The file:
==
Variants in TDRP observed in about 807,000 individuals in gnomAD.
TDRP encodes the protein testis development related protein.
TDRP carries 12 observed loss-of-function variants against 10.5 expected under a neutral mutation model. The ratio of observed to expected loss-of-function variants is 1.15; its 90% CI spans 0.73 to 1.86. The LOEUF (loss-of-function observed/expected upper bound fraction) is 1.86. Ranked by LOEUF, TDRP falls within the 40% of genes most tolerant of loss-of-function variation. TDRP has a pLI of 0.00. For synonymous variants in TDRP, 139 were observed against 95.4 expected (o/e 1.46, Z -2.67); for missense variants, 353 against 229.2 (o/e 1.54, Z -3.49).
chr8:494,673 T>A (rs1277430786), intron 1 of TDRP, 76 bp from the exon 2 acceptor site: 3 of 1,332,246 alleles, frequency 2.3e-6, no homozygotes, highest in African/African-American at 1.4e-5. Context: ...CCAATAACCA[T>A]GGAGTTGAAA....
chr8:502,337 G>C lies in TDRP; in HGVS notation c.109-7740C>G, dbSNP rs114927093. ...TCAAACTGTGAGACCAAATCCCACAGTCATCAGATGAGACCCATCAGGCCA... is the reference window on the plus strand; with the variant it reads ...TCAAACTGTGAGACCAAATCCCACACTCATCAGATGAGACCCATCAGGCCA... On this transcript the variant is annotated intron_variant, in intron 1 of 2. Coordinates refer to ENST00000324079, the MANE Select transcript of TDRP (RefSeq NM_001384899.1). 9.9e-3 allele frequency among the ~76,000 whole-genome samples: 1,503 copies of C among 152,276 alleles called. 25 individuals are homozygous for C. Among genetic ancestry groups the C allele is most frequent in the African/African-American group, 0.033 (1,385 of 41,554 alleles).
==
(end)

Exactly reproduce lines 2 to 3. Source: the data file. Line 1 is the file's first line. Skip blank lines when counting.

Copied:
TDRP encodes the protein testis development related protein.
TDRP carries 12 observed loss-of-function variants against 10.5 expected under a neutral mutation model. The ratio of observed to expected loss-of-function variants is 1.15; its 90% CI spans 0.73 to 1.86. The LOEUF (loss-of-function observed/expected upper bound fraction) is 1.86. Ranked by LOEUF, TDRP falls within the 40% of genes most tolerant of loss-of-function variation. TDRP has a pLI of 0.00. For synonymous variants in TDRP, 139 were observed against 95.4 expected (o/e 1.46, Z -2.67); for missense variants, 353 against 229.2 (o/e 1.54, Z -3.49).